At the Critical RACE conference at UBC this year, I spoke with a group of women of colour who were also academics. In sharing our personal experiences of racialization in the classroom, we concluded that yes, even here and even in the Arts and Humanities, we experience racism. It is in the very structure of the university which is filled with halls of mirrors, trap doors, and long hallways with deadbolts that we will never be given the keys to. The walls of this master's house were set as a barriers to our advancement through a variety of mechanisms. Dionne Brand refers to the student of colour in A Map to the Door of No Return as, "Yet another is heading straight to the library to crack her head on Kristeva and Spivak before she sits before a committee that will always be present to her as she makes her way grudgingly and insecurely through academia, through life, never sure always sure that she is not in control" (Brand, 28).

What happens when we study Africa since partition and we come from one of those nations? Do we also divide and place borders around our lived experience so we can "pass"? How does the act of "passing" a course replicate notions of "passing" that we have seen in American slave narratives? What of passing through the "gates," passing out from the encounters with the wall, the strain on the joints and connective tissues? Permanent whiplash is not conducive to learning. And, I recall the many occassions of passing (on) the right to talk, in order to pass the course.

Now as everyone is rushing aboard the bandwagon and wants to deal with postcolonial angst or textual representations of trauma, I ask myself why I am not studying race and hybridity as a fad or a means to carve out a niche for my career? This has been the research that IS my own existence. I have a vested interest in sorting through questions of power and representations of race within texts and films. It is the psychic food from which I can maintain my sense of self and nourishment to all of the people of colour in my family and circle of friends outside of academia. It is not just about the theory of the text, or a set of reading practices but much larger questions of self, agency, community, and knowledge.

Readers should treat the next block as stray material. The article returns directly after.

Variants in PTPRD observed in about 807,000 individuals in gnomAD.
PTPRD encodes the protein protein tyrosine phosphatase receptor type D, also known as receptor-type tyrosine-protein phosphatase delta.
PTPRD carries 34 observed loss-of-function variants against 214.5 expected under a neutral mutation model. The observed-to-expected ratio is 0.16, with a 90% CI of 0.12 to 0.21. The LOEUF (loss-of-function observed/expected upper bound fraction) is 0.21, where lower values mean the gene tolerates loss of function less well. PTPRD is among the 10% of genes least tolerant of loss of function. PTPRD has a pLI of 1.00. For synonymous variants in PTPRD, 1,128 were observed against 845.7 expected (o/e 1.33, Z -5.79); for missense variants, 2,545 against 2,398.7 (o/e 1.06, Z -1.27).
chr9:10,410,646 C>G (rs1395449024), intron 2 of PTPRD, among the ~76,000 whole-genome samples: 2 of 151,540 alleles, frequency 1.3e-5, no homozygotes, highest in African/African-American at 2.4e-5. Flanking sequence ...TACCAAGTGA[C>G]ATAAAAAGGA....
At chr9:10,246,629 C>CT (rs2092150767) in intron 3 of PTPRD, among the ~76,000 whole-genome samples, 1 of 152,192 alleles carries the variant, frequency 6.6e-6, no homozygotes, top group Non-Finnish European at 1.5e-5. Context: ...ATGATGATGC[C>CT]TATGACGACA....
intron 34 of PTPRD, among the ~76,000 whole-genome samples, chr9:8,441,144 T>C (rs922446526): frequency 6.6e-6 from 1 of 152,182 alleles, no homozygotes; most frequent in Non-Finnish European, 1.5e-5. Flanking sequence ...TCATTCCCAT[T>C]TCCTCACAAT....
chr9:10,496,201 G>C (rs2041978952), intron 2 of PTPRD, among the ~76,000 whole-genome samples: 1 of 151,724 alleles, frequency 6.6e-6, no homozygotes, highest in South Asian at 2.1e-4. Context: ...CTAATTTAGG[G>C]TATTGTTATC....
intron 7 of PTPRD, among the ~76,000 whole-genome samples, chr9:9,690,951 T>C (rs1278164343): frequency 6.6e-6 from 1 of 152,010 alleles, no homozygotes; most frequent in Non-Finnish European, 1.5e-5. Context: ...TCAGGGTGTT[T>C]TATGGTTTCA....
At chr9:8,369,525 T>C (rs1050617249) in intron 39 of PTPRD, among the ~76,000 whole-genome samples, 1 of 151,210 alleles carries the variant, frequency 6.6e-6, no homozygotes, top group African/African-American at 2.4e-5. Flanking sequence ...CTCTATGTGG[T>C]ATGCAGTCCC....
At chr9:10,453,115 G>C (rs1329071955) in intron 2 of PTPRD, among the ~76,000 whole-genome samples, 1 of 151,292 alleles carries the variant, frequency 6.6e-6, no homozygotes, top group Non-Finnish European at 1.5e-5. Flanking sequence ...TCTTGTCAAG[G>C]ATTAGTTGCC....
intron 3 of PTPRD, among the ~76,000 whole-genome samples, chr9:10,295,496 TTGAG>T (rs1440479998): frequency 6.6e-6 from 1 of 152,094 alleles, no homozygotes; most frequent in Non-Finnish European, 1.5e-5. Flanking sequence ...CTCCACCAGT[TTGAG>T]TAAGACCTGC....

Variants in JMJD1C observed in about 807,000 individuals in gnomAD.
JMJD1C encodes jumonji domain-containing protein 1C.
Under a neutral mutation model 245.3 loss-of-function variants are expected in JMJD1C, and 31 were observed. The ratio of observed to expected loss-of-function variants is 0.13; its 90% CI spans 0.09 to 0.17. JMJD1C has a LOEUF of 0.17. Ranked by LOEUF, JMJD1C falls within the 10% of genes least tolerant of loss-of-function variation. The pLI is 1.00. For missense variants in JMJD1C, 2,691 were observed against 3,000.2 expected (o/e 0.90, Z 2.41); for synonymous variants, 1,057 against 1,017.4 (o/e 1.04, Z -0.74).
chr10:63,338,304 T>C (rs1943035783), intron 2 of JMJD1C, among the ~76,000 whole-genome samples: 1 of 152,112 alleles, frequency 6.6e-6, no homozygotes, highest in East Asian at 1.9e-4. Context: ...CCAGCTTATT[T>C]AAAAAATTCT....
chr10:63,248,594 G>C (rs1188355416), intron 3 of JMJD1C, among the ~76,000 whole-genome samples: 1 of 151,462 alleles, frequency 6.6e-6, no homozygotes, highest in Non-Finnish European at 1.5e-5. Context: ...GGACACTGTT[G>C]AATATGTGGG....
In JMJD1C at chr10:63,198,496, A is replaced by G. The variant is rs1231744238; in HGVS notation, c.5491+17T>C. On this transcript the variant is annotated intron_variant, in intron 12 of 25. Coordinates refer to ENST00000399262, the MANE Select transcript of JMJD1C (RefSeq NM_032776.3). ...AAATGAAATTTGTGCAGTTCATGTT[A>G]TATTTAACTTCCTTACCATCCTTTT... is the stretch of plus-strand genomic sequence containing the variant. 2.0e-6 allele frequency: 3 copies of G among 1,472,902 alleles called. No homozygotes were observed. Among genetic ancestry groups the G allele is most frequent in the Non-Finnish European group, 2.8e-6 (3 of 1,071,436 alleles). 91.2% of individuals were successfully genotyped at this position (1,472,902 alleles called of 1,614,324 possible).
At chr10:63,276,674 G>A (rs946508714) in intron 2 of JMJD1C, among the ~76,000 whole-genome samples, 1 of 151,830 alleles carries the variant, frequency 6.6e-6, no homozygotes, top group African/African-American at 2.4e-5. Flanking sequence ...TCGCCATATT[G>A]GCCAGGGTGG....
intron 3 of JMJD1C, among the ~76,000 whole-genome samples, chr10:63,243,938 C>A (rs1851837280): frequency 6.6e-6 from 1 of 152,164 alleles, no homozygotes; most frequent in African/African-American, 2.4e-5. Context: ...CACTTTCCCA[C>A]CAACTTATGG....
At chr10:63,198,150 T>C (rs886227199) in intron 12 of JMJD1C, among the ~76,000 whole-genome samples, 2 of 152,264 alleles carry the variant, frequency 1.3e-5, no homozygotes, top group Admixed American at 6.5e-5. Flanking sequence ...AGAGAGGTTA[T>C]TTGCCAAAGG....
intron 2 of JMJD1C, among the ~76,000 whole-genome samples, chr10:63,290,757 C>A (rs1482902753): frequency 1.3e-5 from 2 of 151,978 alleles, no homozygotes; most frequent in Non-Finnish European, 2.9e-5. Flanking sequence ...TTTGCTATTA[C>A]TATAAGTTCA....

Why do you study us?

Even an Asian ally, when asked to compile a list of Canadian visual artists of colour, failed to include any Native or Black artists. Ignorance and self-centered ethnocentrism is not the sole domain of white people. When will people of colour engage in dialogue and research that affects multiple communities? When will looking at the dark "Other" simply be a part of the research rather than the exception to the rule? When will "race" enter the classroom and not be presented as a side bar to the other supposedly "un- raced" issues of "pure" textual analysis? When will white people speak to issues of race within the classroom as a point of analysis when they are being overlooked?

Then I won't feel cheated.

The wall is built on bedrock, has so many layers of plaster, varnish, and paint that even the wallpaper is a deception.

I have the blueprint for a frame of another house, which as a foundation starts with an awareness of how the rooms in the house are framed by race. This frame is fortified with the critical study of different theories of race and theorizations of race. This will allow us to see through the windows and become more aware of what happens to the raced individual in a "minority position" in one of these rooms. Maybe then we can see the tipis we erect for Native mothers on the side of the towers and the shanty outbuildings where we house "specialty" minority literature.

Before I leave this memoir I have a few suggestion to speed up this building process. I have some tips for new students of colour. I do not assume that what I have presented here is typical of all raced experiences in academia, only that they proceed from my experience.

Tips for New Students of Colour

Find organizations on campus that speak to issues like systemic racism in the academy. If they do not exist, meet with people and start a group.

Find allies and mentors who are aware of your raced subjectivity and race politics are evident so you do not have to reinvent the wheel.

Read anything you can about the experiences that First Nations people and people of colour have had in academia. They are mostly written by people of colour and may give you a hint of what is to come.

Theorizing racial oppression does not preclude one's experience of racial oppression within the classroom.

Balance your life, and try your best to engage yourself in research that feeds your soul and/or your community.

Search long and hard for a supervisor who understands and appreciates your position, struggle, and insights as a person of colour, who is also an academic.

Find spaces outside of campus where you can process the racial dynamics that occur in class.

Remember, you are not alone. Try to see the faces of the children, those coming behind you. Remember and honour those who have managed to go before you.

This university should never become your sole universe.

Explore bookstores and source materials that are outside of academia, if you find those inside do not excite or motivate you.

Get insight from artists, who have often dealt with contemporary issues around race, years before these same issues surfaced in academia.

Make the program requirements work for you.

Find ways to NOT feel cheated if you choose to stay in the Master's House. Get kneepads and appropriate head gear to deal with the wall and, better yet, find tools to scale the Master's house and a secure place to hide the brick as you dismantle it.